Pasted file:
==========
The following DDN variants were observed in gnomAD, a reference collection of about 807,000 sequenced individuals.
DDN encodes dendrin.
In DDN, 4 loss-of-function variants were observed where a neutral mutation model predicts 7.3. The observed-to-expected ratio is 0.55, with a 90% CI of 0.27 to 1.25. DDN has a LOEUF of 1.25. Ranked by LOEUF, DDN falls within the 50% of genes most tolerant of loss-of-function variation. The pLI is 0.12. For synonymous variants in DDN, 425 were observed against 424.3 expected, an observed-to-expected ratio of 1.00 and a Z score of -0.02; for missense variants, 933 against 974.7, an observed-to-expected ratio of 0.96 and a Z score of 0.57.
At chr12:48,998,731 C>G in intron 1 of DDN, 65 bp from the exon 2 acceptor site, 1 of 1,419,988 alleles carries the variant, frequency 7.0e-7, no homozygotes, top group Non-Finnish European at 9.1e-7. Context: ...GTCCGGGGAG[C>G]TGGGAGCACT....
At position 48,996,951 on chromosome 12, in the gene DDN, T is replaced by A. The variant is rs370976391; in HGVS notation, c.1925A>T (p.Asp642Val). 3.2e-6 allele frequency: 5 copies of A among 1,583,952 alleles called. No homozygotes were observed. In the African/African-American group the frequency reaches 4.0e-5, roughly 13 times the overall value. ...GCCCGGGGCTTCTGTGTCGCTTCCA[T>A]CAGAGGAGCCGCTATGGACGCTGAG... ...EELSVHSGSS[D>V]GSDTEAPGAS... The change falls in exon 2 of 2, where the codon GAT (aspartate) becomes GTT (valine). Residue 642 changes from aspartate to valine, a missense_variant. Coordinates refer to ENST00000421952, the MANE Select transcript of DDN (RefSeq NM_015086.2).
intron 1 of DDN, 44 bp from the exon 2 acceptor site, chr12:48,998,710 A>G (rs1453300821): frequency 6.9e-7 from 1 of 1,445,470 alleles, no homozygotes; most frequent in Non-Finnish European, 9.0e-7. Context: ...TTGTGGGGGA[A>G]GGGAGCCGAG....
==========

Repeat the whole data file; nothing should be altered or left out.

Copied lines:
The following DDN variants were observed in gnomAD, a reference collection of about 807,000 sequenced individuals.
DDN encodes dendrin.
In DDN, 4 loss-of-function variants were observed where a neutral mutation model predicts 7.3. The observed-to-expected ratio is 0.55, with a 90% CI of 0.27 to 1.25. DDN has a LOEUF of 1.25. Ranked by LOEUF, DDN falls within the 50% of genes most tolerant of loss-of-function variation. The pLI is 0.12. For synonymous variants in DDN, 425 were observed against 424.3 expected, an observed-to-expected ratio of 1.00 and a Z score of -0.02; for missense variants, 933 against 974.7, an observed-to-expected ratio of 0.96 and a Z score of 0.57.
At chr12:48,998,731 C>G in intron 1 of DDN, 65 bp from the exon 2 acceptor site, 1 of 1,419,988 alleles carries the variant, frequency 7.0e-7, no homozygotes, top group Non-Finnish European at 9.1e-7. Context: ...GTCCGGGGAG[C>G]TGGGAGCACT....
At position 48,996,951 on chromosome 12, in the gene DDN, T is replaced by A. The variant is rs370976391; in HGVS notation, c.1925A>T (p.Asp642Val). 3.2e-6 allele frequency: 5 copies of A among 1,583,952 alleles called. No homozygotes were observed. In the African/African-American group the frequency reaches 4.0e-5, roughly 13 times the overall value. ...GCCCGGGGCTTCTGTGTCGCTTCCA[T>A]CAGAGGAGCCGCTATGGACGCTGAG... ...EELSVHSGSS[D>V]GSDTEAPGAS... The change falls in exon 2 of 2, where the codon GAT (aspartate) becomes GTT (valine). Residue 642 changes from aspartate to valine, a missense_variant. Coordinates refer to ENST00000421952, the MANE Select transcript of DDN (RefSeq NM_015086.2).
intron 1 of DDN, 44 bp from the exon 2 acceptor site, chr12:48,998,710 A>G (rs1453300821): frequency 6.9e-7 from 1 of 1,445,470 alleles, no homozygotes; most frequent in Non-Finnish European, 9.0e-7. Context: ...TTGTGGGGGA[A>G]GGGAGCCGAG....